Su Gologone is a considerably important site on the island. The site’s arrangement is reminiscent of a spa, with an entrance fee, gardens and a nearby hotel. Also for those familiar with the UK, in a way one is reminded of Mother Shipton’s cave and petrifying well in the set up – but cheaper.
Paying one’s entrance fee and following the track around one reaches of the most incredible springheads on the island is that which arises in Oliena muncipal area. A platform is raised over it and one can see down to the rocks below. Like many sites on the island, it is well signposted as well, courtesy of a nearby hotel. The sheer captivating beauty of this spring is hard to ignore, yet it does appear to have made any major cultural or rather religious impact. Which in an island such as Sardinia quite bizarre.
The spring arises from a deep rift in the rock being a Karst spring, being the most important in Italy providing around 300 litres a second of clear, ice-cold and beautiful mineral waters erupting from a great chasm in the rock, the water turning into a stream which joins the Cedrino River below. A Karst spring is one which arises from the permeable limestone, dolomite or gypsum and often erupts from a cave system. This spring is one of the most dramatic and beautiful. The water of the spring is certainly valued and when I was there a large number of individuals travelled some distance it appears to take the water.
Has the spring been ever culted?
As far as I am aware no prehistoric cult artefacts have been found at the spring head however only a few yards is a small church dedicated to Nostra Signora della Pietà, a lady well perhaps? The presence of a church may be significant, particularly one which is so inconvenient in its construction set upon a rocky crag and with a very uneven floor…my bottle of water rolled some considerable difference. The church is very simple, consisting of one chamber focused on the altar of course. How much significance we can read into this little chapel so close to a great spring is unclear but as there is no evidence of a settlement in the proximity perhaps a bit. I hope this brief piece will find someone who knows!? There is so little known of its significance.
This year’s monthly blog post theme will be Sardinian healing and holy waters and as so as an introduction to that theme, this is way of an overview. Perhaps no place in Europe does the clear relationship between the ancient worship of water all the way up to the Spa treatment be seen as a continuous flow and furthermore clear patterns of development can be seen.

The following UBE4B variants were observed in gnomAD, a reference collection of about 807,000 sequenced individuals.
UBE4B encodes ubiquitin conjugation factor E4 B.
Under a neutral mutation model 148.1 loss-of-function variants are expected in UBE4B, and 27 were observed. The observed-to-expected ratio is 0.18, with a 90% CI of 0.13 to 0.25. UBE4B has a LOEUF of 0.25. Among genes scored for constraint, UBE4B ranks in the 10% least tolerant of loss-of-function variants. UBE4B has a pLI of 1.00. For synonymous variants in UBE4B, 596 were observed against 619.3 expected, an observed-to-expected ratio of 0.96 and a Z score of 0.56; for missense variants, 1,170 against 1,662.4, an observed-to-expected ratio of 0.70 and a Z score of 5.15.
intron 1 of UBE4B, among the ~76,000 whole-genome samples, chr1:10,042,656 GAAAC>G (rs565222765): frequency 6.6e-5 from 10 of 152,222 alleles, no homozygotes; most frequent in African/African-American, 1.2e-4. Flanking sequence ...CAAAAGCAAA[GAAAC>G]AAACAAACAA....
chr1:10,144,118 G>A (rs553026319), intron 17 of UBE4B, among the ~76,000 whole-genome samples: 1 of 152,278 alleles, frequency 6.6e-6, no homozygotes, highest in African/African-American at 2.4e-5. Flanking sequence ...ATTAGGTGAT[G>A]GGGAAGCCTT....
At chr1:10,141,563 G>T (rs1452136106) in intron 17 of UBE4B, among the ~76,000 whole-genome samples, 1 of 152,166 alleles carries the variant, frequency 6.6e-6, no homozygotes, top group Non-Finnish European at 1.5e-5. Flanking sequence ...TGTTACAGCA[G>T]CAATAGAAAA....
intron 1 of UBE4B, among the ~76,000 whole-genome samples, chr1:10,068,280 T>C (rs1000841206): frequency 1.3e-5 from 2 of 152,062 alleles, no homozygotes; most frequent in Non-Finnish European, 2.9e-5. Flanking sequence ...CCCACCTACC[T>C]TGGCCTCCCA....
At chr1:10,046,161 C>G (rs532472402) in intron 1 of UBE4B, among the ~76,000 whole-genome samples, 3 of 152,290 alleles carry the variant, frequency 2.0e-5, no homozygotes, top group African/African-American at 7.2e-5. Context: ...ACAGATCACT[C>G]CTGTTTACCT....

Since ages the insufficient supply of water was one of the main problems of Sardinia. For the Nuragic civilization, which has developed in Bronze Age on base of the local Neolithic and Chalcolithic cultures, the cult of water became one of the most important elements of religion. This resulted in construction of sophisticated monuments, such as well temples and sacred springs. There are known to be around 40 well temples on the island dating from that of Pozzo Sacro sa Testa around 1300 BC to later Iron age ones such as Pozzo Sacro Santa Cristina from 900 BC. Styles differ by they all consist of an atrium or vestibule (oval or rectangular) where offerings were made and ceremonies conducted and then stairs down to a tholos chamber which contained the sacred well.
These wells appear to have been re-developed by subsequent invaders – the Greek and Punic influence can be seen and at some sites Roman finds were discovered. The Romans influence on the island, slighter perhaps than elsewhere, typifies the next stage: the development of hot baths. The most substantial being those at Fordongianus where the baths and springs can still be seen.
No place in the whole of Europe can the ages of water worship be seen than in the underground chamber beneath San Salvatore church, where a Nuragic water shrine has been developed by every cultural invader of the island. The crowning of a church above this pre-historic holy site is typical of the island’s approach to Christianising springs. The capital of the island is one of the few places where Christian holy wells can be found in a number such as a spring associated with hypogeum. Christianity has developed around a number of nuragic well sites – Paulilatino in particular where festivals are associated with May suggesting an ancient origin.
Some springs, fall between the next two forms – being simple medicinal springs utilised locally by people for healing purposes but never fully developed, and example being Siete Fuentes di San Leonardo. Such springs were developed into more complex and commercial spas. This spa movement, called Therme on the island developed as elsewhere either developing upon under sites such as that of Terme de Sardegne based on the same spring on which the Roman bath houses or newly discovered ones. This is most vibrantly shown by that of Fordin…where an 18th century bath house can be seen a few yards from the Roman site and a new Spa complex developed within the town. The most famed being the Terme de Sardara established in 1895. Spas are a very popular activity in Sardinia and show how water still has a vital healing role on the Island…one dating back 4000 years or so.
Every month I will focus in more detail on a Sardinian site or theme…February will look at Paulilitano’s Santa Cristina Pozzo.